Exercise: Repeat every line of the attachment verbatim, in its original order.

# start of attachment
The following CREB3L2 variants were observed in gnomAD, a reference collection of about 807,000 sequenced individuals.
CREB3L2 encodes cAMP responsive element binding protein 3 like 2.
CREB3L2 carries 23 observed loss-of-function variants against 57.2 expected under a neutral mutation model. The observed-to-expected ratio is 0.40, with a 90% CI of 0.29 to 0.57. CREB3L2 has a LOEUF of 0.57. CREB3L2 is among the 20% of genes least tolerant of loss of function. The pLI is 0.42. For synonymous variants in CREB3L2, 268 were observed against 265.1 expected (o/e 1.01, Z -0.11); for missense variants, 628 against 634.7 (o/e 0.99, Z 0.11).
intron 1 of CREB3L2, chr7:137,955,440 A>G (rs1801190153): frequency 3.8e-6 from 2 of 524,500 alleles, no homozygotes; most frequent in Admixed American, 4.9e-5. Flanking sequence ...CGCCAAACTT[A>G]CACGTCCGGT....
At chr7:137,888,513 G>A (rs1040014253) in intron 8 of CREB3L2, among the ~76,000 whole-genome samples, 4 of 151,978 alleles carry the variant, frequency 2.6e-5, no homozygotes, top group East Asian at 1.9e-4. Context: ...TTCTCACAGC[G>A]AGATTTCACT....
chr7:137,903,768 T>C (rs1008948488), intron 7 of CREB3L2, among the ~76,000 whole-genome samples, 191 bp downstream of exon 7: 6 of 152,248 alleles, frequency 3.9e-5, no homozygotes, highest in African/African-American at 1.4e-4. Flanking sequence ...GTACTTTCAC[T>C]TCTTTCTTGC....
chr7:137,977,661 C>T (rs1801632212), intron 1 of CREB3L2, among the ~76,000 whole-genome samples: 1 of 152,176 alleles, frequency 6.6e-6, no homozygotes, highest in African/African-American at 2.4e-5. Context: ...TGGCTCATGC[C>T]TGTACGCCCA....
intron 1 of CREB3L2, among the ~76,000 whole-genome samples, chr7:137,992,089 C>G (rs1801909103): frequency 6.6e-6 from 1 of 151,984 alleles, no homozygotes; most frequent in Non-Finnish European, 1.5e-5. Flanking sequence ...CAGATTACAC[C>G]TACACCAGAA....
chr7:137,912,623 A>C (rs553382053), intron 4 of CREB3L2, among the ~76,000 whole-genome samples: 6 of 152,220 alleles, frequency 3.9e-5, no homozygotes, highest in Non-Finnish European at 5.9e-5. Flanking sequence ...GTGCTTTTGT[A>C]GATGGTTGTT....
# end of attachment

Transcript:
The following CREB3L2 variants were observed in gnomAD, a reference collection of about 807,000 sequenced individuals.
CREB3L2 encodes cAMP responsive element binding protein 3 like 2.
CREB3L2 carries 23 observed loss-of-function variants against 57.2 expected under a neutral mutation model. The observed-to-expected ratio is 0.40, with a 90% CI of 0.29 to 0.57. CREB3L2 has a LOEUF of 0.57. CREB3L2 is among the 20% of genes least tolerant of loss of function. The pLI is 0.42. For synonymous variants in CREB3L2, 268 were observed against 265.1 expected (o/e 1.01, Z -0.11); for missense variants, 628 against 634.7 (o/e 0.99, Z 0.11).
intron 1 of CREB3L2, chr7:137,955,440 A>G (rs1801190153): frequency 3.8e-6 from 2 of 524,500 alleles, no homozygotes; most frequent in Admixed American, 4.9e-5. Flanking sequence ...CGCCAAACTT[A>G]CACGTCCGGT....
At chr7:137,888,513 G>A (rs1040014253) in intron 8 of CREB3L2, among the ~76,000 whole-genome samples, 4 of 151,978 alleles carry the variant, frequency 2.6e-5, no homozygotes, top group East Asian at 1.9e-4. Context: ...TTCTCACAGC[G>A]AGATTTCACT....
chr7:137,903,768 T>C (rs1008948488), intron 7 of CREB3L2, among the ~76,000 whole-genome samples, 191 bp downstream of exon 7: 6 of 152,248 alleles, frequency 3.9e-5, no homozygotes, highest in African/African-American at 1.4e-4. Flanking sequence ...GTACTTTCAC[T>C]TCTTTCTTGC....
chr7:137,977,661 C>T (rs1801632212), intron 1 of CREB3L2, among the ~76,000 whole-genome samples: 1 of 152,176 alleles, frequency 6.6e-6, no homozygotes, highest in African/African-American at 2.4e-5. Context: ...TGGCTCATGC[C>T]TGTACGCCCA....
intron 1 of CREB3L2, among the ~76,000 whole-genome samples, chr7:137,992,089 C>G (rs1801909103): frequency 6.6e-6 from 1 of 151,984 alleles, no homozygotes; most frequent in Non-Finnish European, 1.5e-5. Flanking sequence ...CAGATTACAC[C>G]TACACCAGAA....
chr7:137,912,623 A>C (rs553382053), intron 4 of CREB3L2, among the ~76,000 whole-genome samples: 6 of 152,220 alleles, frequency 3.9e-5, no homozygotes, highest in Non-Finnish European at 5.9e-5. Flanking sequence ...GTGCTTTTGT[A>C]GATGGTTGTT....